Oaxaca City

 Church of Santo Domingo in Oaxaca City. 

There is everything to love about Oaxaca.

Let’s start with the food. Holy mole. I thought I had eaten mole before but that was a big, fat lie. Now, to me, mole only exists in Oaxaca, in all its glorious colors and flavor variations. Mole aside, all the food is good. Seriously. I was fortunate enough to feast at some of the finest restaurants in Oaxaca, including Criollo (featured in NYT after we got back; good for them, bad for ease of reservations going forward), La Origen and La Olla (love this place!). But really, some of the best food is in the totally unfancy places, like the market stalls in the 20 de Noviembre market. There you can warm up with a pan de yema and Oaxacan hot chocolate (I like mine with water) before diving into filet de res with enmoladas (mole and tortillas), all for a few bucks.

Then there’s the mezcal. In case you didn’t know, Oaxaca is mezcal mecca. You can drink all the rare, illegal, wild, hard-to-find mezcal you can stomach. I did this one night, and ended up singing—not well, mind you—an old Mexican ballad by Los Panchos in a local bar, accompanied by guitar. My friend Dania, who is Mexican and first introduced me to this wonderful music, put me up to it. It was worth it.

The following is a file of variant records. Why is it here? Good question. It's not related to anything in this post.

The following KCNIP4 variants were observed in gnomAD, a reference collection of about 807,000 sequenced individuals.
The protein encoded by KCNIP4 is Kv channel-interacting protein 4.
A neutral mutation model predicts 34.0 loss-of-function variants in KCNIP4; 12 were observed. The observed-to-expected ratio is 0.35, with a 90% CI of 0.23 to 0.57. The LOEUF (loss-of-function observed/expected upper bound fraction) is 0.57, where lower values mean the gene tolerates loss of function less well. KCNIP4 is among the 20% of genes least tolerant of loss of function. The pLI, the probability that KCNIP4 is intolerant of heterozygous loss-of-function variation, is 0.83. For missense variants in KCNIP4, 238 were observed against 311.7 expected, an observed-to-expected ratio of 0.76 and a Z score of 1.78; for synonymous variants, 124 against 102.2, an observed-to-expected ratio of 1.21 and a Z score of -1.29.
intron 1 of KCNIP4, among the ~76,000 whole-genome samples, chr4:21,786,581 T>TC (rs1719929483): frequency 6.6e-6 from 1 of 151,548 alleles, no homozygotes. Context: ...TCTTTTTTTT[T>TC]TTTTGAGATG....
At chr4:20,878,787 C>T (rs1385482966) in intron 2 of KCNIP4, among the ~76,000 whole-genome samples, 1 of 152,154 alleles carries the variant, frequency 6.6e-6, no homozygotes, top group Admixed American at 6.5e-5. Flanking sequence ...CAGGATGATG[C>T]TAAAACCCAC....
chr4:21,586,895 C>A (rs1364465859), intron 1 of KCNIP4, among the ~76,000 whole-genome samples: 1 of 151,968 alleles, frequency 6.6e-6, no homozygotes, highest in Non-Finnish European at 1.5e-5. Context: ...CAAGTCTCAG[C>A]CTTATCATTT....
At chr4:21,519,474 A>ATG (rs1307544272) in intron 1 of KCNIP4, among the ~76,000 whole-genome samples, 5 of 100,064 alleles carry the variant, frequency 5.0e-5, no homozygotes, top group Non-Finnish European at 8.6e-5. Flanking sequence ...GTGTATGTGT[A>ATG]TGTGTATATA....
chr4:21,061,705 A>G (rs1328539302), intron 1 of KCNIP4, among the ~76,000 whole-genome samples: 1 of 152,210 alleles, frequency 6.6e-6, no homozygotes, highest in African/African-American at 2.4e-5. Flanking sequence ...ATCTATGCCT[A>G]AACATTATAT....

I never tired of looking at the church of Santo Domingo, and was enamored with the adjoining botanical gardens filled with cactuses for days.

There’s also a vibrant art scene in Oaxaca. All kinds of art and artists: street art, young artists, traditional craftsmen. I picked up a couple pieces of jewelry by young, local designers who, as I really love, create modern pieces using traditional methods. I also met a master bead worker based in Oaxaca, and relieved him of his largest, most audacious and beautiful pieces.

One thing I could live without: fireworks. Nasty, dangerous little things. One almost took off my friend’s leg at New Year’s Eve dinner. Children, who actually seemed to be supervised by their parents, set off bottle rockets at us in the main square that night as well, prompting me to quickly understand why there was braille on the street signs at every corner. 

--Jess, Founder & Principal Shopper

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